Discoveries in nanotechnology could change the future. Where will such discoveries most likely to take place? Don’t assume it’ll be the United States, cautions Mallinckrodt Professor of Chemistry George Whitesides. Japan’s and Western Europe’s investments in nanotech R&D are on par with the United States, and China is coming up quickly. “We don’t yet know how we will compete” in this ratcheted-up environment. “If we don’t figure this out,” he says, “the U.S. will lose a major competitive advantage.” The country’s challenges seem daunting, especially when Whitesides points out that U.S. students are not given enough of a basic scientific education. As a result, countries like China and India are moving far ahead of the United States in technological literacy. To turn the tide and cultivate a culture of continuing nano-brilliance, universities should play a role in helping the United States gain back the scientific ground it has lost. After all, says Whitesides, “much of our country’s wealth has come from technology.” Harvard and other institutions of higher learning should help increase the country’s scientific literacy by “giving students obligatory doses of technology and science. We have to help students understand how it all fits together. It’s a complex issue.”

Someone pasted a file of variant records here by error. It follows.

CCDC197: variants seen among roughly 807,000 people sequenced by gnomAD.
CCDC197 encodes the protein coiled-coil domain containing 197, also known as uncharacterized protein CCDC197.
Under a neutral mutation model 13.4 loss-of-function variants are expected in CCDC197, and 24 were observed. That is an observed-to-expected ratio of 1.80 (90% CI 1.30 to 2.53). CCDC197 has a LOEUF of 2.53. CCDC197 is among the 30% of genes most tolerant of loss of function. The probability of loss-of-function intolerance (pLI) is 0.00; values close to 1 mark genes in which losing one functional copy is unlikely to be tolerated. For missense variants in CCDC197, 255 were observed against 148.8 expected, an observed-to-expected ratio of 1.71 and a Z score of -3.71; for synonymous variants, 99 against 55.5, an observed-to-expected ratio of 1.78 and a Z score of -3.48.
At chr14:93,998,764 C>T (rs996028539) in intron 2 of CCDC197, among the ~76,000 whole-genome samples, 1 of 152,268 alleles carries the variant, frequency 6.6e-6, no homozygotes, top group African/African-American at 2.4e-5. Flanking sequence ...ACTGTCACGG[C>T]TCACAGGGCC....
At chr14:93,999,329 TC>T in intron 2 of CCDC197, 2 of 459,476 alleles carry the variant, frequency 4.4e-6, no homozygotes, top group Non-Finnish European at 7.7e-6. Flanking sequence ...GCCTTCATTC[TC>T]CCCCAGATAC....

Nanotechnology: Big issues from small stuff
Is U.S. falling behind in technology too small to see?